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The Drummer Got it Right
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Let me begin by acknowledging that once again, I’m late to the game.
This time, it’s about Daisy Jones and the Six. Because I’ve refused to pay for a Prime subscription, I missed out on all the hoopla surrounding its release this past spring. When Amazon made it really difficult to avoid getting a free month of Prime, I caved and didn’t uncheck the box that said I really wanted it. Then I lost track of when it would renew, so now am stuck paying for one more month. Did you know you actually have to check a box to get a reminder that your free trial is expiring? I think a lawsuit might be pending.
But I digress…
Anyway, I finished the rest of The Marvelous Mrs. Maisel that I’d started while at a friend’s and just last week binged Daisy Jones and the Six. I’d never even heard of the book, and only knew about the comparisons to Fleetwood Mac. Honestly, I wasn’t sure I’d be that interested in it.
Oh my goodness.
SPOILER ALERTS COMING…
I watched the final episode twice. I needed to absorb how the pinnacle of success could—at the same time—be the destruction of the very thing that created that success.
I’ve read a couple of less than glowing reviews about the series and have to disagree with those critics who felt that the supporting band members were not given enough screen time or character development. If you were paying attention, you saw exactly how each of them viewed themselves, their positions in the band, as well as their individual ideas of success.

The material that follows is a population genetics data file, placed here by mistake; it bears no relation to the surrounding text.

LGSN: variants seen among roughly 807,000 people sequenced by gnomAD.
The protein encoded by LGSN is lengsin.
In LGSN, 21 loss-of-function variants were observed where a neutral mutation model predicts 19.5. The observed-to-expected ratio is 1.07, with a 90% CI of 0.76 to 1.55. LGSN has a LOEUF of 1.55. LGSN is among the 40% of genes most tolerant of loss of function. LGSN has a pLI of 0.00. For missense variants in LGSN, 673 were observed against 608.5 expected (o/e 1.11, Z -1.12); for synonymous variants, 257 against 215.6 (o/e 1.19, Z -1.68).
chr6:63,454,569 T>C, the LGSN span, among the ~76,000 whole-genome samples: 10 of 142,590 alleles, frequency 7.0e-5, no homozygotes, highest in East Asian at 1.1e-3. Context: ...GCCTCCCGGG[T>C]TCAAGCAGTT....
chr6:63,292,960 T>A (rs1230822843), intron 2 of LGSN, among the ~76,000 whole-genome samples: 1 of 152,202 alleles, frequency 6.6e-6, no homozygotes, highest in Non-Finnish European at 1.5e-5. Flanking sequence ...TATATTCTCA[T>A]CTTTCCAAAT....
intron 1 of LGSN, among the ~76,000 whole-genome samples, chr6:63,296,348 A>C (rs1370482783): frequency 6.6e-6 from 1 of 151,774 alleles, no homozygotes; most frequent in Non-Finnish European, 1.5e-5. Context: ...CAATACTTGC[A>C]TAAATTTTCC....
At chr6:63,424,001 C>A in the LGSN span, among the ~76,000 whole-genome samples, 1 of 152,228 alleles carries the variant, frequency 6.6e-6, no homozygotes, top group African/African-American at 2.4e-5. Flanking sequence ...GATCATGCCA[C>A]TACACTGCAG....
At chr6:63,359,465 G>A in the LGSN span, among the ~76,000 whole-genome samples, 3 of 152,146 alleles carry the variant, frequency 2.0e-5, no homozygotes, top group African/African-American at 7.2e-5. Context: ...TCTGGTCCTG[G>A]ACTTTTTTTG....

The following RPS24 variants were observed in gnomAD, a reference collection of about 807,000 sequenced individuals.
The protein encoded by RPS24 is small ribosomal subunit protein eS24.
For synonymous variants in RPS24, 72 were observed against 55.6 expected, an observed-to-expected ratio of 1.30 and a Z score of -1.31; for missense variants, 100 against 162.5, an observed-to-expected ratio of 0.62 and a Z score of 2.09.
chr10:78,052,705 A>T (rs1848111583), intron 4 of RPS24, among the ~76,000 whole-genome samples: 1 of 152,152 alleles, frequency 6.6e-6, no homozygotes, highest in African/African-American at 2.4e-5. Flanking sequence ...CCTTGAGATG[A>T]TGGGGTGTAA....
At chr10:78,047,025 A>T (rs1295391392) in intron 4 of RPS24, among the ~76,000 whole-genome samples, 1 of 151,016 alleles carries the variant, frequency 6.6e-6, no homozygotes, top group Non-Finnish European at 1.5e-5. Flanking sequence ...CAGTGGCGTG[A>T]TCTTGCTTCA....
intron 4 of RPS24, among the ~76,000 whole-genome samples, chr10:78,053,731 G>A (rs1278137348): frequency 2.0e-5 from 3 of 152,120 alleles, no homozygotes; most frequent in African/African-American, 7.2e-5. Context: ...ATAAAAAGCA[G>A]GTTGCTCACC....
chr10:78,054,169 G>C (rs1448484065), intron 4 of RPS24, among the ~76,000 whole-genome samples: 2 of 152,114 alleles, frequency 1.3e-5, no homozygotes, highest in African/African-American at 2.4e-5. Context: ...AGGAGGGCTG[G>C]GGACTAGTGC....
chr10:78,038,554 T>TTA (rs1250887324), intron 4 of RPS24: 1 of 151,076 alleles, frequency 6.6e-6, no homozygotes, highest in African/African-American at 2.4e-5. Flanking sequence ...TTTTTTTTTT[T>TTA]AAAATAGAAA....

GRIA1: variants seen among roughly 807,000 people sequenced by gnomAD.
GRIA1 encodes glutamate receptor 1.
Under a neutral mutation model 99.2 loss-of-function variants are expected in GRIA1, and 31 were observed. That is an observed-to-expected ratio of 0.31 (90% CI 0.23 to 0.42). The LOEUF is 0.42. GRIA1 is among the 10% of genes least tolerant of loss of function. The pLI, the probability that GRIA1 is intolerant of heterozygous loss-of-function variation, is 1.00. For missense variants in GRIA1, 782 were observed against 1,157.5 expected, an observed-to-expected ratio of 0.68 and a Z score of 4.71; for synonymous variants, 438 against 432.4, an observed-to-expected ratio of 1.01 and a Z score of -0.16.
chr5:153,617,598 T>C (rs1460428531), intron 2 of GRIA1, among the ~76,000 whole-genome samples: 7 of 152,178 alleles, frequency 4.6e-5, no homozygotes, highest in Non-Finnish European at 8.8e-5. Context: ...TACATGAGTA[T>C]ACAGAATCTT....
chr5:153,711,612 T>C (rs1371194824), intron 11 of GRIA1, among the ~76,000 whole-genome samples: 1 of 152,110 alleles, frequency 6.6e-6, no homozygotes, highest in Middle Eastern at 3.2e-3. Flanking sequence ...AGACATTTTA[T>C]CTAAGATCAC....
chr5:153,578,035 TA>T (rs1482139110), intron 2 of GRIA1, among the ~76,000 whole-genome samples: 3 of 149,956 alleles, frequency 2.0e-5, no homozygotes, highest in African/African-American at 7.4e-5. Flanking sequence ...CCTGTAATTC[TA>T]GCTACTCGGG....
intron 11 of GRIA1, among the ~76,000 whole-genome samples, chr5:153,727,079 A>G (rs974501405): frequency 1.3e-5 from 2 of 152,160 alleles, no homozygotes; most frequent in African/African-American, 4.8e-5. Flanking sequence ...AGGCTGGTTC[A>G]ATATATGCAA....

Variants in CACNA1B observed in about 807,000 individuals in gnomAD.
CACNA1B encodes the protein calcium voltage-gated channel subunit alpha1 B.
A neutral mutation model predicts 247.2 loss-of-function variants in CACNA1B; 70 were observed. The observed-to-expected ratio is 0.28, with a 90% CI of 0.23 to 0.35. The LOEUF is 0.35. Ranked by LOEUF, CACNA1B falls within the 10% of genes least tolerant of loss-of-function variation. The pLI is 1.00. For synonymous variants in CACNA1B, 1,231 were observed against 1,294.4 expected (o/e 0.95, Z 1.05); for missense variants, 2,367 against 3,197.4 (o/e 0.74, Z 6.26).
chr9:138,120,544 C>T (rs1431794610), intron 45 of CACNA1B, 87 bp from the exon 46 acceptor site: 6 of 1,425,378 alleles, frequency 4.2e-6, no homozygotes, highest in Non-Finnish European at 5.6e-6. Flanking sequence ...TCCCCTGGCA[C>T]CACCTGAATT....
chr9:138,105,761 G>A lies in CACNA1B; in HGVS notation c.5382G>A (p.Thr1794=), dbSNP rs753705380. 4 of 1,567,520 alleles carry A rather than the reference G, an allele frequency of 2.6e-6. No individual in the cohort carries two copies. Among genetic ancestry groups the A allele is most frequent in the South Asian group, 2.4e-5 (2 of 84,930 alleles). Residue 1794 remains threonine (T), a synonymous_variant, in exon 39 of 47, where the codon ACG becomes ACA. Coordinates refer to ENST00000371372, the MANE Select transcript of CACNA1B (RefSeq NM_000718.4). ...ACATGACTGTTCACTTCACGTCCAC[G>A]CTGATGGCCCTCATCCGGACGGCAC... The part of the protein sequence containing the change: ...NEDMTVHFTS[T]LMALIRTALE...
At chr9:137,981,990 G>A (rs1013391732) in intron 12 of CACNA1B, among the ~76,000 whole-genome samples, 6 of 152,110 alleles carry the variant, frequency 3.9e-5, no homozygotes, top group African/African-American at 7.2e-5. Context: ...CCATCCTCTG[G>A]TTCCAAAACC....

With much of the focus on the love triangle between Daisy, Billy and Camilla, it could be easy to not pay as much attention to keyboardist Karen, guitarist Graham, bassist Eddie and drummer Warren. But for some reason, I was drawn to Warren’s story. He was so happy-go-lucky right from the jump. He enjoyed being in the band, he enjoyed the drugs, and he also enjoyed working for a boat company when Billy’s addiction caused the inaugural tour to be cancelled. He was happy to spend his royalty money on a fur vest.
Warren could be happy doing whatever, wherever.
That’s a gift. And one just as valuable as the raw talent that Billy and Daisy possessed.
One of my favorite scenes came after the band played SNL and Warren made a play for the movie star who hosted that episode. When she responded in kind, his reaction (are you serious?) was simply adorable. He’d put himself out there, and it paid off—much to his surprise.
You guys, Warren married a movie star!
Perhaps Warren was just less complicated than his bandmates? I found myself wondering about his upbringing. What caused his world view to be so even-keeled? At the end, as it’s all falling apart, Eddie the bassist informs Warren that he’s quitting because he’s been slighted by Billy and he’s tired of playing second fiddle.
Warren replies: “so what if you’re not the guy! You’re in the biggest band in the world right now. You get to fly around on jet planes and sleep on $100 bills and we get to play songs that millions of people listen to and they love them! What, that’s not enough for you?”
Eddie responds: “maybe I’m looking for a little more out of life than you are.”
I’m not sure Eddie ever found what he was looking for.
But I know Warren did.
How about you? Have you found what you’re looking for?